Thank you for your interest in applying for a position with us. Due to the nature of policing, our recruitment process may be more comprehensive than others you have experienced.
Police officer application tips
Ensure you complete all mandatory fields on the application form or you will be unable to submit your application. Please ensure you complete the supporting statements section, these vary depending on the role and will be explained on the advert and role profile. Please provide evidence of where you demonstrated the competency behaviours as per the role profile. Please note there is a word count limit on the applications and you should ensure your evidence fits within this limit.
Candidates are shortlisted by assessing the information on the application form against the personal qualities and minimum entry requirements. It is important that you complete the application form fully and carefully, ensuring you demonstrate with examples how you meet the various criteria.
Application and selection process
If invited to interview you will be notified by telephone and email, usually at least seven days before the interview date. You will be required to produce valid identification at the interview (a list of suitable ID will be emailed to you). If your recruitment process includes attendance at an assessment centre all information will be provided via email, for example certain roles may require you to complete a Police Initial Recruitment Test (PIRT) or computer test. Police officer candidates will need to attend a Police online assessment centre.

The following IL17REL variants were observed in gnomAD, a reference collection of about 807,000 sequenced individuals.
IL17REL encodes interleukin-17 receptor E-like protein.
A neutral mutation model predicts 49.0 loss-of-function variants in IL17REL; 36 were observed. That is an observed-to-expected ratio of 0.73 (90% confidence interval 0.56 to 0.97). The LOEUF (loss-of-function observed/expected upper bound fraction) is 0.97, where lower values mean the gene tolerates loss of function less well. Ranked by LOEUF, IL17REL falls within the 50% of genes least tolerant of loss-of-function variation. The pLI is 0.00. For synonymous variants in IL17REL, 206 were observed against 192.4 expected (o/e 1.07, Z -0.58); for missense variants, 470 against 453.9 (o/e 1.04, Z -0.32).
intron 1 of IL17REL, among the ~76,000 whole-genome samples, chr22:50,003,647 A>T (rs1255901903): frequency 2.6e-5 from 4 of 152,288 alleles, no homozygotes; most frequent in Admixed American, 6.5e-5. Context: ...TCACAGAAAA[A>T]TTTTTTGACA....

If you are successful following the selection process you will receive a conditional offer and we will start progressing your pre-employment checks, including: vetting, medical, references and for some roles, a fitness test. Until these checks are complete you should not hand in your notice with your current employer. For some roles if you are successful at the interview/selection stage you will be advised that you will be placed on a waiting list until the next available intake.
Vetting and what the things we check
Regardless of which role you are interested in, including regulars, specials, PCSO, staff, agency, volunteers, cadet leaders, cadets, interns, apprentices and those working for us indirectly, like contractors, everyone is required to go through a police vetting process and in some cases, an additional national security vetting process. These processes continue at regular intervals throughout your career.
View further in-depth detail about vetting
Vetting by its nature is intrusive into your personal life and varies depending on your role. There are different levels of vetting and/or national security vetting.But vetting is about how we can include you in the workforce, and not about trying to exclude you, unless it’s necessary of course.
If you have not lived in the UK all your life, you [and in some cases your associates, see 4, below] will need to have what is known as a ‘checkable history’, this generally means that you/they must have been resident in the UK for at least the last 3 years. In some cases this will need to be a longer period and in others it may be a shorter period.